The Okavango Delta


  13 reviews
Aerial view of Okavango Delta
Aerial view of Okavango Delta
About The Okavango Delta
Country found in:
Parks total area:
15,540 km² (6,000 mile²)
Anti-malarial:
Recommended
Park wildlife:
  • One of Africa’s greatest concentrations of wildlife
  • Perfect for viewing Africa’s big five
  • Large herds of buffalo and elephant
  • One of the largest packs of the endangered African wild dog
  • Best time to visit is between June and October.

The Okavango: The river which never finds the sea

The Okavango Delta, unlike so much of the surrounding Kalahari desert which covers most of Botswana, is a vast interconnected web of 15,540 km² (6,000 mile²) of marshland, lagoons, channels and islands formed by seasonal flooding. The Angola highlands to the northwest of Botswana receive three times the rainfall that Botswana does. Starting in January, this life-sustaining nourishment drains down the Okavango River, filling the fan-shaped delta throughout the months that follow. This welcome flood peaks between June and August, during which time the delta swells to three times its usual size.

The Okavango Delta is part of the vast Makgadikgadi Basin, the remnants of the great Makgadikgadi Lake that dried up 10,000 years ago. Although other parts of the basin consist of dry, barren salt pans, the Okavango Delta is a large inland river mouth that is incomparable for its lush, green beauty and unrivaled as an inviting home to one of Africa’s greatest concentrations of wildlife.

The Okavango Delta is called "the river which never finds the sea.” The majority of its waters are sucked up by plants or evaporated into the air, and only 2% of the floodwaters ever make it to the river’s destination, emptying into nearby Lake Ngami.

The resulting marshes are the playground of a huge variety of species including hippopotamus, blue wildebeest, giraffe, Nile crocodile, black rhinoceros, white rhinoceros, plains zebra, warthog and Chacma baboon. Large herds of elephant refresh themselves in water sometimes deep enough for them to swim through. Buffalo crowd together in the safety of the swamp. The lions which pad silently through soft sand make a ruckus in the shallow water and the noise sends the wary buffalo crashing through the marsh churning its water to white foam as they escape their predator.

The Okavango Delta is also home to a large variety of antelope including lechwe, tsessebe, sitatunga, roan antelope, reedbuck, greater kudu, sable antelope, springbok and impala. The lechwe antelope is the most common large mammal, with more than 60,000 inhabiting the delta.  These swamp-dwelling antelopes, slightly larger than an impala, bound effortlessly through the swamp due to the natural water repellent quality of the fur on their legs. They frolic freely in the water, seeming lighter than air as their dancing leaps provide not just forward movement but raise them to heights from which they can spy danger. The rarest aquatic antelope found in the Okavango is the demure sitatunga, which hides from predators by sinking into the water with just its nostrils showing. It can even sleep under water like this!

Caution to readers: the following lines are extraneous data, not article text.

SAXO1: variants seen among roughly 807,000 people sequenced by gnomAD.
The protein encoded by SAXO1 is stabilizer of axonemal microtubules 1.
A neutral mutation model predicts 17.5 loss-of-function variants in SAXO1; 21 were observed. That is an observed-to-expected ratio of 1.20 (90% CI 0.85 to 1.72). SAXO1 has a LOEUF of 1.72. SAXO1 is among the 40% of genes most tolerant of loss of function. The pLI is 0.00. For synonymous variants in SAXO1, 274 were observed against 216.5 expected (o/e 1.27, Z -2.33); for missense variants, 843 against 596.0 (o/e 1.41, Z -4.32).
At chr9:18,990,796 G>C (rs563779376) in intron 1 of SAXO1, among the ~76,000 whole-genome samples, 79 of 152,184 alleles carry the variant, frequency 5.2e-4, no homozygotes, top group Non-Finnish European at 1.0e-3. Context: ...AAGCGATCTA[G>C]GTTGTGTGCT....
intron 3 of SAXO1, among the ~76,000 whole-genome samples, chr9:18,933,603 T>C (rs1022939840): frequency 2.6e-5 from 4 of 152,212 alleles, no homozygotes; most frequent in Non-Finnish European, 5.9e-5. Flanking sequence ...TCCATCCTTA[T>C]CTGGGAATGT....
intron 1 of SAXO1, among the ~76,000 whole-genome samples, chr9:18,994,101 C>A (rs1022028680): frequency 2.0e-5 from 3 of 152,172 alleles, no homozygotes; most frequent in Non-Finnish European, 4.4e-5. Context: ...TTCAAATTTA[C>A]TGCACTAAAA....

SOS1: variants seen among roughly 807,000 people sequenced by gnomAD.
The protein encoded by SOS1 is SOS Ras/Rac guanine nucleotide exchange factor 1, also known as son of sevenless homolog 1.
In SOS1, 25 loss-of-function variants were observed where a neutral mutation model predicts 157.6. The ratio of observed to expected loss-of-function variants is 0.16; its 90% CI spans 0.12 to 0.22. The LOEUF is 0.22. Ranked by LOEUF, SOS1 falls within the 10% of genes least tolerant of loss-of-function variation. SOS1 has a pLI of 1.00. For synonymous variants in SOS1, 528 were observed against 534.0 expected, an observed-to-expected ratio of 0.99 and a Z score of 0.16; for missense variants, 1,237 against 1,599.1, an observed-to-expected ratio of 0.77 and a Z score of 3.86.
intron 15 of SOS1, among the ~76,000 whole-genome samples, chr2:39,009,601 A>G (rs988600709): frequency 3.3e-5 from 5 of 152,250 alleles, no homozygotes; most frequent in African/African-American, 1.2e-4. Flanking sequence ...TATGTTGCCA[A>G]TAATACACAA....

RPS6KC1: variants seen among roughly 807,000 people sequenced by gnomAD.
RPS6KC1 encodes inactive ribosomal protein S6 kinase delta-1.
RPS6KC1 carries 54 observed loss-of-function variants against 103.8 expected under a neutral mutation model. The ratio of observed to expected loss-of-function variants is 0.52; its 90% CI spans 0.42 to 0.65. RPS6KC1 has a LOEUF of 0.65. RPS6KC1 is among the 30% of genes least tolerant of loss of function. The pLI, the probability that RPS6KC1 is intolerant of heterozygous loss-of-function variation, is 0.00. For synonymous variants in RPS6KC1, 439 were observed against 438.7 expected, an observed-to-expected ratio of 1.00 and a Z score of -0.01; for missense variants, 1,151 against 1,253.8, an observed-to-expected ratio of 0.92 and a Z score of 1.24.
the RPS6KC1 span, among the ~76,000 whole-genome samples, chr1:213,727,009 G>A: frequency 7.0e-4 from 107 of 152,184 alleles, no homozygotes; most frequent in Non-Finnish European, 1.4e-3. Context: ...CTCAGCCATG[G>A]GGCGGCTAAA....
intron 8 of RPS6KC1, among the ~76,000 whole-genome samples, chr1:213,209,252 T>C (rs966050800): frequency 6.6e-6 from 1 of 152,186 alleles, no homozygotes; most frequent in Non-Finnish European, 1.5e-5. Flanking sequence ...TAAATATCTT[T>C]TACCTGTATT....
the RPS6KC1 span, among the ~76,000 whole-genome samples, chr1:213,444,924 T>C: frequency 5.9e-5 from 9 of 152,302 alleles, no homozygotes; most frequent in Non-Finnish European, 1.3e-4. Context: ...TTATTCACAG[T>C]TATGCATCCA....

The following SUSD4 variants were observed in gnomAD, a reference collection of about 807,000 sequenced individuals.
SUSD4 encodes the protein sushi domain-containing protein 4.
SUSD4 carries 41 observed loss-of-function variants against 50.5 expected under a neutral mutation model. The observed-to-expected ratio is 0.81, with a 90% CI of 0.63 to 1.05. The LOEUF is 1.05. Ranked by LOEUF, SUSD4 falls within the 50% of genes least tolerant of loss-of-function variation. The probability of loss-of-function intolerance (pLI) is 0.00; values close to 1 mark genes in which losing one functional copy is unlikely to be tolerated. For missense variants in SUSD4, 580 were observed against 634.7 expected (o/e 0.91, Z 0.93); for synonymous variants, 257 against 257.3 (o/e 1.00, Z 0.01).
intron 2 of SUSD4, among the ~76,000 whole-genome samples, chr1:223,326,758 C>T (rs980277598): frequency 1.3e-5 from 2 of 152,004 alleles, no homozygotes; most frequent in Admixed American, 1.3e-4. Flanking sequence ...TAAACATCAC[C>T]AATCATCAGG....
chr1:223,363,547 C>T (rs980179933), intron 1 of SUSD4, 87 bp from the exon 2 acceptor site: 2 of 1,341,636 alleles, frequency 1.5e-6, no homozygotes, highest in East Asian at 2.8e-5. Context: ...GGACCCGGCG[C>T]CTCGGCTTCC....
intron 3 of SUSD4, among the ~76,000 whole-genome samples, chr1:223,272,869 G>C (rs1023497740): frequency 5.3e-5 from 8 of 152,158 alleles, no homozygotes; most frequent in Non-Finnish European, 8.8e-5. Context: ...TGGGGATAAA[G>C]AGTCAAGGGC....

A completely unique experience of the Okavango Delta is a mokoro safari. Mokoro are traditional dugout canoes, and although the modern incarnations are made of fiberglass, the experience of gliding soundlessly through the swamp is as old as the waters themselves. Canoe trips through this Venice of Africa bring you face to face with wildlife. As the rhythmic poling sends the boat skimming across the tranquil surface, your awareness shifts, slows and settles as silence and stillness give way to the bustling activity of life in the marsh. Over 400 species of birds, including African fish eagle, Pel's fishing owl, ducks, geese, heron, crested crane, lilac-breasted roller, hammerkop, ostrich and sacred ibis, fly above or wade through the delta. Fish flit through the waters of the lagoons darting in between reeds and papyrus.